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3 best running backs in Pittsburgh Steelers history

It will be hard to find an NFL team with a more successful history than the Pittsburgh Steelers. They have six Super Bowl championships, tied for the most in the league. They have had plenty of legendary players pass through their locker room whether they were quarterbacks, wide receivers or defensive lineman.

Pittsburgh has also had some pretty good running backs in their day. That was not the case in 2019. The Steelers rushed for 1,447 yards last season which was the fourth-least in the league. James Conner suffered an injury which cost him must of the season. He will be back in 2020 and the Steelers are hoping they have in him their next great back.

When breaking down the top three backs in Steelers’ history, it was interesting to see the change in the style of player over the years. The list consists of players from different generations and different running styles. Here are the top three running backs in franchise history.

3. Le’Veon Bell

The Steelers selected Bell in the second round of the 2013 NFL Draft out of Michigan State. He came into the league and completely changed the team’s running back position. During his rookie year, Bell started 13 games and showed his ability to carry the load and act as a receiver.

Bell had a breakout season in 2014 when he rushed for 1,361 yards and eight touchdowns. This is the year that Bell revolutionized the position, by also catching 83 passes for 854 yards. This was his first of two First Team All-Pro selections in a Steelers uniform. Bell was named to three Pro Bowls as a Steeler as well.

In 2017, Bell had arguably his best statistical season. He led the league in carries, with 321, and totaled 1,291 yards and nine touchdowns. Additionally, Bell caught 85 passes for 655 yards and two touchdowns. He was named an All-Pro once again but this is also when his tenure with the Steelers got ugly. Bell was unhappy with his contract and demanded an extension. When Pittsburgh refused, Bell sat out the 2018 season and he never played again for the Steelers.

Bell is currently with the New York Jets. He made a name for himself as one of the best running backs in the league and also was, for a time, elite from a fantasy football perspective.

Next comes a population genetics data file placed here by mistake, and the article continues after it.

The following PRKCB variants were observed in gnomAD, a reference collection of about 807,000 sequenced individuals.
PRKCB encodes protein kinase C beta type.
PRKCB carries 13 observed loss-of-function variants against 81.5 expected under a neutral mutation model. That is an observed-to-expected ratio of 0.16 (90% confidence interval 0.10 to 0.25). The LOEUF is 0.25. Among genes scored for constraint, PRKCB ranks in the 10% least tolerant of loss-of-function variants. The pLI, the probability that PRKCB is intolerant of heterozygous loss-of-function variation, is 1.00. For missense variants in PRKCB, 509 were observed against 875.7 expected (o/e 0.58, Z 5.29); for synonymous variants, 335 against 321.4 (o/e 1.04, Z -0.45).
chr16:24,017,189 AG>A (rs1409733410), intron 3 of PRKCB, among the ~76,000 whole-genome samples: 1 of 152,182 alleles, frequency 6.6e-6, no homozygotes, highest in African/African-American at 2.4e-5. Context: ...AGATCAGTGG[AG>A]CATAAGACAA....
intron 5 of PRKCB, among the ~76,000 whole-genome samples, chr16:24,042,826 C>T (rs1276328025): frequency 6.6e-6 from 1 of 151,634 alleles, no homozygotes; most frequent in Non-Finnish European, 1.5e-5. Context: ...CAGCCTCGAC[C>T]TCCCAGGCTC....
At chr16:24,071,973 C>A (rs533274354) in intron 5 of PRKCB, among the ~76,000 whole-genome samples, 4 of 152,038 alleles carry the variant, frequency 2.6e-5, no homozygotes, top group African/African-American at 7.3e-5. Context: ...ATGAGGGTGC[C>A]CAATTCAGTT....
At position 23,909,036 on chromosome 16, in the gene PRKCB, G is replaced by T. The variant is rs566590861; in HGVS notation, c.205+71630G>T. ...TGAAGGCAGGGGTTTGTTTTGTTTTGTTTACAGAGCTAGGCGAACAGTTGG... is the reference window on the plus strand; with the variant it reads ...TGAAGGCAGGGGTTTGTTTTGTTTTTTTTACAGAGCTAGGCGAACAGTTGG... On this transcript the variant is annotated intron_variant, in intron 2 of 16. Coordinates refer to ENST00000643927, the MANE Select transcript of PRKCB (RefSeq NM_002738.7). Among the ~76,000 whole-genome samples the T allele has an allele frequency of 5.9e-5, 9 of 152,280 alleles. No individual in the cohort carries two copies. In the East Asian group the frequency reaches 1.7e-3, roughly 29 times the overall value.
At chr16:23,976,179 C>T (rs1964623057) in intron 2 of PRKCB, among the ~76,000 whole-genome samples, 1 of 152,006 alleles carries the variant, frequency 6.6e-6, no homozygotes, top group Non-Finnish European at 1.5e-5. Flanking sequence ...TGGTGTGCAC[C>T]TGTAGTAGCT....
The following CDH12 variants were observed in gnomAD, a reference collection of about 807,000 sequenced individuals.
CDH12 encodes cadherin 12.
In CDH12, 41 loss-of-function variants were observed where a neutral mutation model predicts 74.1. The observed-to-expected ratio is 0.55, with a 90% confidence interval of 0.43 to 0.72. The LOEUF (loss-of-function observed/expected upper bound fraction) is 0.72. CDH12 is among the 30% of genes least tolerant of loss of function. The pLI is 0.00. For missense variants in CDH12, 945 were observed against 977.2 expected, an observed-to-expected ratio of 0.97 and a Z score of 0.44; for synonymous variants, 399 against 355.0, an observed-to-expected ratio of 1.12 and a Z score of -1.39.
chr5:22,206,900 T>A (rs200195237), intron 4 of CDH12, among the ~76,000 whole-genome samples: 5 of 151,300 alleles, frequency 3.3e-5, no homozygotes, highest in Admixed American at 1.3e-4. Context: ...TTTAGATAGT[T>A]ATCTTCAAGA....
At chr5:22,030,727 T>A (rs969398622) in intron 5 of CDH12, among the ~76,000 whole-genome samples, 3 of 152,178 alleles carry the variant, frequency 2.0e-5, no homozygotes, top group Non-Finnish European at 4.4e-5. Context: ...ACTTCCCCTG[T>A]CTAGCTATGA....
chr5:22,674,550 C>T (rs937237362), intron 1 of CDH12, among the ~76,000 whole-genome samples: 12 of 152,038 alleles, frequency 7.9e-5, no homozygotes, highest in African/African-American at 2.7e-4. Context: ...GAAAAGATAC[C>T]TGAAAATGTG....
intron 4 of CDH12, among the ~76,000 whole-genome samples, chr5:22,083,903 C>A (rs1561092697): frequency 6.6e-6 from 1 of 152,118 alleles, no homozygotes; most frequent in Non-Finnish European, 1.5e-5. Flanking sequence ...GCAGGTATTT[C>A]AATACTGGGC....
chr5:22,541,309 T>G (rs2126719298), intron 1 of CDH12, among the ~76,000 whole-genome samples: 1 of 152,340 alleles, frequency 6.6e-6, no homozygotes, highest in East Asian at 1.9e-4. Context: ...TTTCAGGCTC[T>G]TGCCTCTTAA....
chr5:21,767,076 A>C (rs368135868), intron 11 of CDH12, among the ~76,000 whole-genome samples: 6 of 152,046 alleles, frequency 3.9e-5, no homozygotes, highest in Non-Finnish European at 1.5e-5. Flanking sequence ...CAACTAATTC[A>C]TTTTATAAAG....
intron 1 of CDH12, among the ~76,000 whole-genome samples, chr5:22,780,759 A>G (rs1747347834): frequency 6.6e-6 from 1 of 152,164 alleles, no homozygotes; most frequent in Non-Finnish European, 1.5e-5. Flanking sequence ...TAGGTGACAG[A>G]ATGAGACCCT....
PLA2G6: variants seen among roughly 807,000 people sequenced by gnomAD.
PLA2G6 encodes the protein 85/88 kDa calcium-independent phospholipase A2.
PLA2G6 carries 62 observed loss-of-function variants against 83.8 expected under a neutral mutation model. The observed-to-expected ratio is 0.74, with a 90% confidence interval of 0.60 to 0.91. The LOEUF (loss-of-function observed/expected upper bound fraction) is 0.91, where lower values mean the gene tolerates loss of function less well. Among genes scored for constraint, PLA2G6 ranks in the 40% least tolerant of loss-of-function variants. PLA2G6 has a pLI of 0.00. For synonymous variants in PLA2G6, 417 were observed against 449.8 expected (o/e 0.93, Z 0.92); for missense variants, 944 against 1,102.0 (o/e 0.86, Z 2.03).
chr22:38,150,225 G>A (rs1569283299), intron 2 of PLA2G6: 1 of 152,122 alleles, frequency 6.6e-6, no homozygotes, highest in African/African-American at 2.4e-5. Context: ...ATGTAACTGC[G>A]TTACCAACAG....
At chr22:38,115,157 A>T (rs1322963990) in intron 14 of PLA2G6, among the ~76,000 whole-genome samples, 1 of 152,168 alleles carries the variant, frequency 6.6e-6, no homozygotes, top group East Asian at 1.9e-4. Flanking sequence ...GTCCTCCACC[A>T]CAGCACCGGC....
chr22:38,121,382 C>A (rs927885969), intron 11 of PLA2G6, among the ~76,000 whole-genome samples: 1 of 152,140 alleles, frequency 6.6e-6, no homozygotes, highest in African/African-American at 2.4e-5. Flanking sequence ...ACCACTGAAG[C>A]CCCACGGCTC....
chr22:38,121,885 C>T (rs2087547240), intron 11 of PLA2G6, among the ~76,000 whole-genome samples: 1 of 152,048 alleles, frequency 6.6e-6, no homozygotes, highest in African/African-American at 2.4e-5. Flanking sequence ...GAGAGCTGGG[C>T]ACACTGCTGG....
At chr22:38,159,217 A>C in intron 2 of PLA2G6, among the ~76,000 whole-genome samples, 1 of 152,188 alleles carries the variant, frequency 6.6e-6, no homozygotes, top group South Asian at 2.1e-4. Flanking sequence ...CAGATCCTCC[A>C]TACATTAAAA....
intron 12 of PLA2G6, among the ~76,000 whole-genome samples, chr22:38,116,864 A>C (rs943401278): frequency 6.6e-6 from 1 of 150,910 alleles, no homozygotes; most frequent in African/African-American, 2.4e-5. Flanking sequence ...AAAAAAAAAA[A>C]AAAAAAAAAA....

2. Jerome Bettis

Bettis possessed a completely different style of play than Bell’s. He was selected 10th overall out of Notre Dame by the Los Angeles Rams in the 1993 NFL Draft. He spent his first three years with the Rams before being traded to the Steelers in one of the most lopsided deals in NFL history.

The Steelers acquired Bettis on draft night in 1996. The Rams sent Bettis and a third round pick in exchange for a 1996 second round pick and a third rounder in 1997. It is safe to say that the Steelers got the best end of the deal. Bettis hit the ground running in his first season in Pittsburgh, rushing for 1,431 yards and 11 touchdowns. Bettis was named Comeback Player of the Year that season.

This began a string of six straight years of 1,000 or more rushing yards for Bettis. In 1997, Bettis led the league with 375 carries and totaled 1,665 yards and seven touchdowns. The Steelers were a staple in the postseason with Bettis in the backfield. They made the playoffs five times and won a Super Bowl in 2005. That was Bettis’ final year in the league.

Bettis retired as the second player in Steelers’ history to rush for over 10,000 yards. He finished his Steelers’ career with 10,571 yards and 78 touchdowns. Not only is he one of the best running backs in Steeler history, he is one of the biggest fan favorites. Bettis was inducted into the Pro Football Hall of Fame in 2015.

1. Franco Harris

Harris was the first running back taken in the 1972 NFL Draft. The Steelers selected the Penn State product with the 13th overall pick. Harris did not waste any time making Pittsburgh happy about their decision.

As a rookie, Harris carried the ball 188 times for 1,055 yards and 10 touchdowns. He was named Offensive Rookie of the Year in 1972. This also marked the first of nine consecutive Pro Bowl selections for Harris to begin his career. During his 12 year career in Pittsburgh, Harris rushed for 1,000 or more yards eight times. He led the league in touchdowns in 1976, with 14 on the ground.

Harris was a staple in the backfield for the Steelers’ dynasty of the 1970s. They won eight division titles with Harris on the team. The offensive duo of Harris and quarterback Terry Bradshaw made six AFC Championship game appearances and won four of them. They were unbeaten in the Super Bowl, winning in all four of their chances. Harris was named Super Bowl MVP in 1974 after rushing for 158 yards and a touchdown on 34 carries.

Harris was inducted into the Hall of Fame in 1990. He is the Steelers’ all time leader in rushing yards with 11,950, rushing touchdowns, with 91 and carries, with 2,881. He is without a doubt the top running back in Steelers’ history and one of the top backs in NFL history.